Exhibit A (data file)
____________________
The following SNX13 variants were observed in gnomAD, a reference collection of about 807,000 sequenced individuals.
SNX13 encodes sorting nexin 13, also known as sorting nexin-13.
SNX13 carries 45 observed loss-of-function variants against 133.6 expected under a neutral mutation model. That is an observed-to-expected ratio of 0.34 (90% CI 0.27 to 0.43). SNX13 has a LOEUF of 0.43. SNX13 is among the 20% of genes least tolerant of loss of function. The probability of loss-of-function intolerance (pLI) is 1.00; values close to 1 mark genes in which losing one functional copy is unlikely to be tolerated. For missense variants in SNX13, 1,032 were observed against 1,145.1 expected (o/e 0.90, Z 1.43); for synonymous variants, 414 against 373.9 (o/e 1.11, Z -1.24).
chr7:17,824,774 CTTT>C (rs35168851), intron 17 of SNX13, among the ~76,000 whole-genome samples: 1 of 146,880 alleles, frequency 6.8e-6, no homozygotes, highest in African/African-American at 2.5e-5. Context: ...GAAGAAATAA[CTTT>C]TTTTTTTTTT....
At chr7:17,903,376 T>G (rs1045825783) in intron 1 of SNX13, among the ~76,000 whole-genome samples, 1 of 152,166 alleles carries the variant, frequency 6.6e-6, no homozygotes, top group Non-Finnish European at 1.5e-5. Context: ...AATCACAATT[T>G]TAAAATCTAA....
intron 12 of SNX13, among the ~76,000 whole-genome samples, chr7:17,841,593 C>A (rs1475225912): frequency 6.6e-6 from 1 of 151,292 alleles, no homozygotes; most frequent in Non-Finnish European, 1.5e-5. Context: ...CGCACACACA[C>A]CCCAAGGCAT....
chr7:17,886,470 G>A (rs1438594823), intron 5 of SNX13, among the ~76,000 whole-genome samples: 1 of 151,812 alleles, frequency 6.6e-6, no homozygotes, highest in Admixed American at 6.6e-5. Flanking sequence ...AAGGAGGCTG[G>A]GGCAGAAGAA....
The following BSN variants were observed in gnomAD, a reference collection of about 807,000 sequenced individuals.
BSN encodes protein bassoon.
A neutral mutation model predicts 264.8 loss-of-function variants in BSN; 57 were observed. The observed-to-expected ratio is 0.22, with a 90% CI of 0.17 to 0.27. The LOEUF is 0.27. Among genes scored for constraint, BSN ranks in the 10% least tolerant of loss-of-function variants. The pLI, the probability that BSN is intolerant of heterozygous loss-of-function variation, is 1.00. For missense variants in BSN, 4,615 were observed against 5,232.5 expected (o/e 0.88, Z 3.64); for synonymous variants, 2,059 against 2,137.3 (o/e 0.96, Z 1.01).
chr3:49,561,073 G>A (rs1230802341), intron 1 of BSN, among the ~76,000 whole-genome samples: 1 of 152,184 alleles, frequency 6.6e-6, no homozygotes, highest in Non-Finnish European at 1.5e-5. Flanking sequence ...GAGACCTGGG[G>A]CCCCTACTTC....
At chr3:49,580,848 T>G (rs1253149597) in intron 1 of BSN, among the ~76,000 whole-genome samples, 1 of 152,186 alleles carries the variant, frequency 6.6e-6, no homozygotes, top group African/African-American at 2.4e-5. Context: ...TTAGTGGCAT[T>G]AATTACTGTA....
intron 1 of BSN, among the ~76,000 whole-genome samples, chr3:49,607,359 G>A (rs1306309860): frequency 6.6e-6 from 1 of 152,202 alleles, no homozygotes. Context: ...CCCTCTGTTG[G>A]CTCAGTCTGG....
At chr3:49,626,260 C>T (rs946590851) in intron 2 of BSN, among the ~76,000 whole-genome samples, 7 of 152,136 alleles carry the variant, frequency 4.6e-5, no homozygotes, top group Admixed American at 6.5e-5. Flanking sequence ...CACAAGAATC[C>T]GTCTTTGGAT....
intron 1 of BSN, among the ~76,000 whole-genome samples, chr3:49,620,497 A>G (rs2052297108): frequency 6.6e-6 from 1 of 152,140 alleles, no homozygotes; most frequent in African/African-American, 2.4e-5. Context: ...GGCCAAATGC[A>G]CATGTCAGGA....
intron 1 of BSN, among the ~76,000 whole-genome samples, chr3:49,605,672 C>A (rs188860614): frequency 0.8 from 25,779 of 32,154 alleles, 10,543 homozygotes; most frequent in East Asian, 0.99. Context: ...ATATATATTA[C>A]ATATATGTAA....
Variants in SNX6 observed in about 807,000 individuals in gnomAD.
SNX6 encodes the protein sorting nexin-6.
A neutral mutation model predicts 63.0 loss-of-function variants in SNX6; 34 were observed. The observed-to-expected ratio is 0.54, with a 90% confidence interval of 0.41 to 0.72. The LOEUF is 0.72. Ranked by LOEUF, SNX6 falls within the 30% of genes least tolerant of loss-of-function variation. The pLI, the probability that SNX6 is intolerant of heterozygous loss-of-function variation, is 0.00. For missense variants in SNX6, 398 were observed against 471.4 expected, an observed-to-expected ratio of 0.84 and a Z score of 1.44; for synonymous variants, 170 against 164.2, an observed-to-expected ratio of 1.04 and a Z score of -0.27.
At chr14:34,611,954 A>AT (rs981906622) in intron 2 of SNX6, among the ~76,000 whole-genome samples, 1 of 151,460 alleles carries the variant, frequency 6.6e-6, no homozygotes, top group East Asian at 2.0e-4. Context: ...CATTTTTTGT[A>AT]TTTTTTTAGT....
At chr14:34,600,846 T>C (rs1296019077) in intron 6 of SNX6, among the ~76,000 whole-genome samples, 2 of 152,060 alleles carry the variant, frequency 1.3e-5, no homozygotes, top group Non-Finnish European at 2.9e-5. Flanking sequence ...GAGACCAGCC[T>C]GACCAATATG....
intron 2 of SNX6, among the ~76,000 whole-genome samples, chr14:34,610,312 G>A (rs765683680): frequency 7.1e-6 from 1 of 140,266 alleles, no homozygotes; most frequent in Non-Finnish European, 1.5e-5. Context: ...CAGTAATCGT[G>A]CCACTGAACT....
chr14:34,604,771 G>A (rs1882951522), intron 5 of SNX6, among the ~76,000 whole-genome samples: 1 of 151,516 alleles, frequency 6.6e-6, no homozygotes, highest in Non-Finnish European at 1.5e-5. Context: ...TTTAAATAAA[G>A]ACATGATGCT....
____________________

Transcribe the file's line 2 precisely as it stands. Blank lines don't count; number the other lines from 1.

SNX13 encodes sorting nexin 13, also known as sorting nexin-13.